A Journey Down the QRCode Rabbit Hole with 12 Monkeys

Max Rydahl Andersen

Holly Cummins recently shared a blog post about a QR code generator that integrates images into the QR code, like this one:


I was intrigued by the concept and decided to explore it further. Holly’s script is already executable using JBang, like this:

jbang https://hollycummins.com/5c25661ae4594167a9c41570824f955d/QrCode.java \
      https://xam.dk myoverlay.png qrcode.png

You can also install it locally using jbang install https://hollycummins.com/5c25661ae4594167a9c41570824f955d/QrCode.java and then run it using qrcode with remote file arguments like this:

qrcode https://xam.dk %{https://placedog.net/64/64} qrcode.png

This will generate the following:

qrcode dog

I thought it would be interesting to simplify the initial setup. This led me down a fascinating rabbit hole. Now, you can do this:

jbang install qrcode@xam.dk
qrcode https://quarkus.io -od 200
       -i %{https://design.jboss.org/quarkus/logo/final/SVG/quarkus_icon_rgb_default.svg}

This will generate a QR code for https://quarkus.io with the Quarkus SVG logo embedded in it, scaled to 200x200.

So, how did I achieve this? Let’s start with the remote file arguments.

Remote file arguments

This feature doesn’t require any additional code to work. It even works with Holly’s original script.

JBang has a magic feature that interprets arguments enclosed with %{} as remote files. It downloads the argument and replaces it with the path to the downloaded file.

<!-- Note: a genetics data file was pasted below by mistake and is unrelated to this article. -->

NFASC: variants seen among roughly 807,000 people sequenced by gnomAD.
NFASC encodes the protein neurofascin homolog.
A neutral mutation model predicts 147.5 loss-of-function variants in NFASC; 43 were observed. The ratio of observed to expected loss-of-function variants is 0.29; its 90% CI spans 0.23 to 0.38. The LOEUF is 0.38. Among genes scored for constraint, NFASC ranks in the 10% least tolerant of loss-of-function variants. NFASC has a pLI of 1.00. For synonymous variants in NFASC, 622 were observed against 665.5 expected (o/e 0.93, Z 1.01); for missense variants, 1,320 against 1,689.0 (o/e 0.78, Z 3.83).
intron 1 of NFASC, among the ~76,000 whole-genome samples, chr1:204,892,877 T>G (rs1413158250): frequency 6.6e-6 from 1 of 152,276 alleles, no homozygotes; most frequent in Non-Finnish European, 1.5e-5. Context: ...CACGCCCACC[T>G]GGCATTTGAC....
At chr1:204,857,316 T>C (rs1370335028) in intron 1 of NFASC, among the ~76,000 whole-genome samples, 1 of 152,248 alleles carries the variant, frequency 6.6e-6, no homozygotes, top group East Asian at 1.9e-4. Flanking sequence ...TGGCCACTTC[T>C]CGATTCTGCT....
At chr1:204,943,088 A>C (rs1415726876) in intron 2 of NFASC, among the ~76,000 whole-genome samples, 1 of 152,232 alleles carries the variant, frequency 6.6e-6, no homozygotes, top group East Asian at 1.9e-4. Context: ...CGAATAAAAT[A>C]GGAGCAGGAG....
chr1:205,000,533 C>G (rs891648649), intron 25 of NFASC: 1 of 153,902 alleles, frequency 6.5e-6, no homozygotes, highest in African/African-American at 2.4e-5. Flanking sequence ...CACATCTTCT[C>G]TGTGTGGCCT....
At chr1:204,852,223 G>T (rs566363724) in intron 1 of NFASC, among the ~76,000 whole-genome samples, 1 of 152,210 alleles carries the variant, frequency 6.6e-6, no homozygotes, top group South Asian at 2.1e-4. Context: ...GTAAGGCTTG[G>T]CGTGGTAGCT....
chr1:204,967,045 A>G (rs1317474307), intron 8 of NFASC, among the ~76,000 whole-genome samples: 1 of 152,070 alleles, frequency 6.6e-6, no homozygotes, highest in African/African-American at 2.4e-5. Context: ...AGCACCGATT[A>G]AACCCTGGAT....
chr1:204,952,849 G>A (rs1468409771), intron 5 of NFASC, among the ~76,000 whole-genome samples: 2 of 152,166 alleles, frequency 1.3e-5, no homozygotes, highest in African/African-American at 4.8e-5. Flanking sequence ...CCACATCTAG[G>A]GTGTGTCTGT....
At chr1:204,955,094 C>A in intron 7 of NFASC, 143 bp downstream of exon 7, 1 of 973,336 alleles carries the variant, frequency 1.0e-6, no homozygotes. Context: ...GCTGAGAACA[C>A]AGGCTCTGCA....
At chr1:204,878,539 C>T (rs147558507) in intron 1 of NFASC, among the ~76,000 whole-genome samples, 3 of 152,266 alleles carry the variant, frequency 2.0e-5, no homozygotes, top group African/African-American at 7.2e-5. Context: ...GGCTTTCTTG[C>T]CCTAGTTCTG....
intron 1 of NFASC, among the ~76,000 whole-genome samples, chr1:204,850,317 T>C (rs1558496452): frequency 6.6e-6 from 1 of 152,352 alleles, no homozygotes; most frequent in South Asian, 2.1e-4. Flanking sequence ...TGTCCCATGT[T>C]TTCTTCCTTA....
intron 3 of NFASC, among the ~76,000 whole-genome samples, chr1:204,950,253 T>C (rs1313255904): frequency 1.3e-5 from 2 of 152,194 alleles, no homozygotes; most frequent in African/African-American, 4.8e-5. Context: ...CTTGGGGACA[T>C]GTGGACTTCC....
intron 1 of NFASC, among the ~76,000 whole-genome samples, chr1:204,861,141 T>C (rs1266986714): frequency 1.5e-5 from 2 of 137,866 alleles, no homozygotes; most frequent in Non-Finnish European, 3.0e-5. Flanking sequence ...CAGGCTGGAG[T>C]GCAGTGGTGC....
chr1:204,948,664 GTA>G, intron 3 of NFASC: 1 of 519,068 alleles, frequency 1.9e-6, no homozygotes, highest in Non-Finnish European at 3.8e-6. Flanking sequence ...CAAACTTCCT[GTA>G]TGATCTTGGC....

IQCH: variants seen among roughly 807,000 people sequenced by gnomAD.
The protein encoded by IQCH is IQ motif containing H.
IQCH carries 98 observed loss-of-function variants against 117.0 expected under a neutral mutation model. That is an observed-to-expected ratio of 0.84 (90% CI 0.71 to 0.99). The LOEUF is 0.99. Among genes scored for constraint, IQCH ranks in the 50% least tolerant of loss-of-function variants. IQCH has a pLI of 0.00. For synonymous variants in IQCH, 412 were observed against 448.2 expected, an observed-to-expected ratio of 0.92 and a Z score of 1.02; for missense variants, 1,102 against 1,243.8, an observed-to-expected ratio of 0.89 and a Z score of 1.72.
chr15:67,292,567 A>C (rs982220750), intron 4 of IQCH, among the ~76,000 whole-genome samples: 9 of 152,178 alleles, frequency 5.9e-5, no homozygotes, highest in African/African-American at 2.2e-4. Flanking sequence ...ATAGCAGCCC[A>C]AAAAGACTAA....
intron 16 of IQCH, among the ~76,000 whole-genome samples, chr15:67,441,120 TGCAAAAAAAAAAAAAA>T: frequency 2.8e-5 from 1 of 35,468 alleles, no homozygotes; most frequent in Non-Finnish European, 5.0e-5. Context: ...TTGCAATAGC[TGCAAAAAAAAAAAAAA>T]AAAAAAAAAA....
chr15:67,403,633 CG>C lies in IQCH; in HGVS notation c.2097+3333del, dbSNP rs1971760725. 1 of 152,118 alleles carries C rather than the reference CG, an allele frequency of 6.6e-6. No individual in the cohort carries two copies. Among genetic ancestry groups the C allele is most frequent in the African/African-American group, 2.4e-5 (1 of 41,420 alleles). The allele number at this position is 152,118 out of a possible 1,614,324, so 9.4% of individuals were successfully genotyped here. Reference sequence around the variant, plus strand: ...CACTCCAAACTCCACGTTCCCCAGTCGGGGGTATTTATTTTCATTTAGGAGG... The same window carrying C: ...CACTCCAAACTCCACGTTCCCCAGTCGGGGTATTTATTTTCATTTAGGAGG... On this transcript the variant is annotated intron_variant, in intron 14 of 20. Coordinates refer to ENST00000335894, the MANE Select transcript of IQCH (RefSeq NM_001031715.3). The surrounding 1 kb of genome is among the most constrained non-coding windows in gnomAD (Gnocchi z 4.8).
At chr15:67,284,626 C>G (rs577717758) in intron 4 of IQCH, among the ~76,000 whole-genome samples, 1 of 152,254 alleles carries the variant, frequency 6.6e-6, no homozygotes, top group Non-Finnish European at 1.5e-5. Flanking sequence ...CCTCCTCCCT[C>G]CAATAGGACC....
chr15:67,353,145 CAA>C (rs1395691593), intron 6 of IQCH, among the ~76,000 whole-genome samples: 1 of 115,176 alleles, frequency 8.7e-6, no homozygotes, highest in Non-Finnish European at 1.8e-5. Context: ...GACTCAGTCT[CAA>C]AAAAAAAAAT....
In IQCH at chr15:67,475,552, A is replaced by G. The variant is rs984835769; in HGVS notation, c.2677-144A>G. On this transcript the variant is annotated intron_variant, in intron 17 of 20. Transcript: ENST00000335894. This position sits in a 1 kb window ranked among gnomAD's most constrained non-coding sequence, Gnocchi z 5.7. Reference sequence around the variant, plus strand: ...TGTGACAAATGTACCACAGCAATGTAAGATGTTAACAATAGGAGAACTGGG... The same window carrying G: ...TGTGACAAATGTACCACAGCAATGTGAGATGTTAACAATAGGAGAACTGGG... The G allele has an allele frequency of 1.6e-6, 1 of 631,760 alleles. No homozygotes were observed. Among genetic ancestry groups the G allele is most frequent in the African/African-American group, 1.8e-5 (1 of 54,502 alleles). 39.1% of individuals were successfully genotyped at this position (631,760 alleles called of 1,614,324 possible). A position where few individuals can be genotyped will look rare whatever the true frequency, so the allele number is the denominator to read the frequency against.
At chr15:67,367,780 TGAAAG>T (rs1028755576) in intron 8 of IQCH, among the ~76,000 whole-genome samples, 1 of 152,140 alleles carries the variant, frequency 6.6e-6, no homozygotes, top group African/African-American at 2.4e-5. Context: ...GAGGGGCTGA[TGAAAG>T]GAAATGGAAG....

This means you can use a local file or any URL from the internet without making code changes. All the following are valid arguments, assuming you have internet access:

qrcode https://xam.dk -i xam.png

qrcode https://xam.dk -i %{https://placekitten.com/128/128}

qrcode https://xam.dk -i %{https://placedog.net/128/128}

Since JBang does the heavy lifting, you can use this feature with anything you run with JBang. It just needs to accept a file as input.

Java ImageIO actually supports loading directly from a URI so it is trivial to add support for this to Holly’s script directly. I’ll leave that as an exercise for the reader.

Now, let’s simplify the name of the command.

Simpler names

In Holly’s original script, she used QrCode.java as the name of the file and hosted it at https://hollycummins.com/5c25661ae4594167a9c41570824f955d/QrCode.java.

That’s a bit long to type.

There are several ways to simplify this.

First, you can use JBang’s aliases feature. This lets you create a short name for a script by adding a file called jbang-catalog.json in either your github repository or even on your website.

Simply do:

Now if that jbang-catalog was placed at https://hollycummins.com/jbang-catalog.json you could refer to it as:

Holly could also add a https://github.com/hollycummins/jbang-catalog repository with a jbang-catalog.json file in it and then you could refer to it as:

jbang qrcode@hollycummins

In my case, I’m going to make it available on https://xam.dk using two combined features. main.java and jbang-catalog.


I place my qrcode.java at https://xam.dk/qrcode/main.java - this lets you refer to it using jbang https://xam.dk/qrcode/main.java, but you can also just let it be jbang https://xam.dk/qrcode.

Notice how main.java is missing here. JBang automatically looks for a /main.java file if nothing else found at the URL. This simplifies the naming.

jbang-catalog on a site

Even https://xam.dk/qrcode is a bit long to type. So I can add a jbang-catalog.json file to my site at https://xam.dk/jbang-catalog.json and that is how you can refer to it:

jbang qrcode@xam.dk

Flags and Defaults

I utilize Picocli for managing flags and arguments. It’s a library that simplifies the creation of command line tools with Java.

Firstly, include the dependency in your qrcode.java file:

//DEPS info.picocli:picocli:4.5.0
//DEPS info.picocli:picocli-codegen:4.5.0